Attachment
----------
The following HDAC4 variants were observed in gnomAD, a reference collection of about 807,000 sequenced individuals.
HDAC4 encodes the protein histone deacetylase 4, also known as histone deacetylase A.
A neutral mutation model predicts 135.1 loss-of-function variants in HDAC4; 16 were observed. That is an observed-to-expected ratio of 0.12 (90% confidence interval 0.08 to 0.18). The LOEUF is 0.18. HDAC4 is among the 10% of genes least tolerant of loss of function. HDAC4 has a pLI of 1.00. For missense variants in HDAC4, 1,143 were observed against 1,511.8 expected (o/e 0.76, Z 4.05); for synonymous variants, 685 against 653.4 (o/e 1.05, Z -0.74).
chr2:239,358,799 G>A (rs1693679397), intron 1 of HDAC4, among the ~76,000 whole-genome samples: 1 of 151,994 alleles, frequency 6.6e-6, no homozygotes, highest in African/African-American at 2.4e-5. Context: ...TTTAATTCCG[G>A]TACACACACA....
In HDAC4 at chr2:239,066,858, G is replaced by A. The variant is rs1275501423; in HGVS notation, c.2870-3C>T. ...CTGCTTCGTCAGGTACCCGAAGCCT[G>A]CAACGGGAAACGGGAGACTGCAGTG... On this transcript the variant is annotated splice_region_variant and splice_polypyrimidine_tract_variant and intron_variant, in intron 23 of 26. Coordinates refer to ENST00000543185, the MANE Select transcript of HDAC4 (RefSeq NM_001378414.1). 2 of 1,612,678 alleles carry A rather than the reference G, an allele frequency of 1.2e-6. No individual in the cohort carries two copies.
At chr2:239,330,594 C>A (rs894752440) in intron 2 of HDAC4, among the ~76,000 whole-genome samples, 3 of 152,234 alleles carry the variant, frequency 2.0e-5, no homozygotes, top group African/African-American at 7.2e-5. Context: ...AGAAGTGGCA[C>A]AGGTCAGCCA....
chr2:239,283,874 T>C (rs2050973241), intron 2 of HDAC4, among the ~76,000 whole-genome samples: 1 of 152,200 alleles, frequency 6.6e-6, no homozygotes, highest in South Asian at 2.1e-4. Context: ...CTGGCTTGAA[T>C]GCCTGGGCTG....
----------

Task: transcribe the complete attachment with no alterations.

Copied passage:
The following HDAC4 variants were observed in gnomAD, a reference collection of about 807,000 sequenced individuals.
HDAC4 encodes the protein histone deacetylase 4, also known as histone deacetylase A.
A neutral mutation model predicts 135.1 loss-of-function variants in HDAC4; 16 were observed. That is an observed-to-expected ratio of 0.12 (90% confidence interval 0.08 to 0.18). The LOEUF is 0.18. HDAC4 is among the 10% of genes least tolerant of loss of function. HDAC4 has a pLI of 1.00. For missense variants in HDAC4, 1,143 were observed against 1,511.8 expected (o/e 0.76, Z 4.05); for synonymous variants, 685 against 653.4 (o/e 1.05, Z -0.74).
chr2:239,358,799 G>A (rs1693679397), intron 1 of HDAC4, among the ~76,000 whole-genome samples: 1 of 151,994 alleles, frequency 6.6e-6, no homozygotes, highest in African/African-American at 2.4e-5. Context: ...TTTAATTCCG[G>A]TACACACACA....
In HDAC4 at chr2:239,066,858, G is replaced by A. The variant is rs1275501423; in HGVS notation, c.2870-3C>T. ...CTGCTTCGTCAGGTACCCGAAGCCT[G>A]CAACGGGAAACGGGAGACTGCAGTG... On this transcript the variant is annotated splice_region_variant and splice_polypyrimidine_tract_variant and intron_variant, in intron 23 of 26. Coordinates refer to ENST00000543185, the MANE Select transcript of HDAC4 (RefSeq NM_001378414.1). 2 of 1,612,678 alleles carry A rather than the reference G, an allele frequency of 1.2e-6. No individual in the cohort carries two copies.
At chr2:239,330,594 C>A (rs894752440) in intron 2 of HDAC4, among the ~76,000 whole-genome samples, 3 of 152,234 alleles carry the variant, frequency 2.0e-5, no homozygotes, top group African/African-American at 7.2e-5. Context: ...AGAAGTGGCA[C>A]AGGTCAGCCA....
chr2:239,283,874 T>C (rs2050973241), intron 2 of HDAC4, among the ~76,000 whole-genome samples: 1 of 152,200 alleles, frequency 6.6e-6, no homozygotes, highest in South Asian at 2.1e-4. Context: ...CTGGCTTGAA[T>C]GCCTGGGCTG....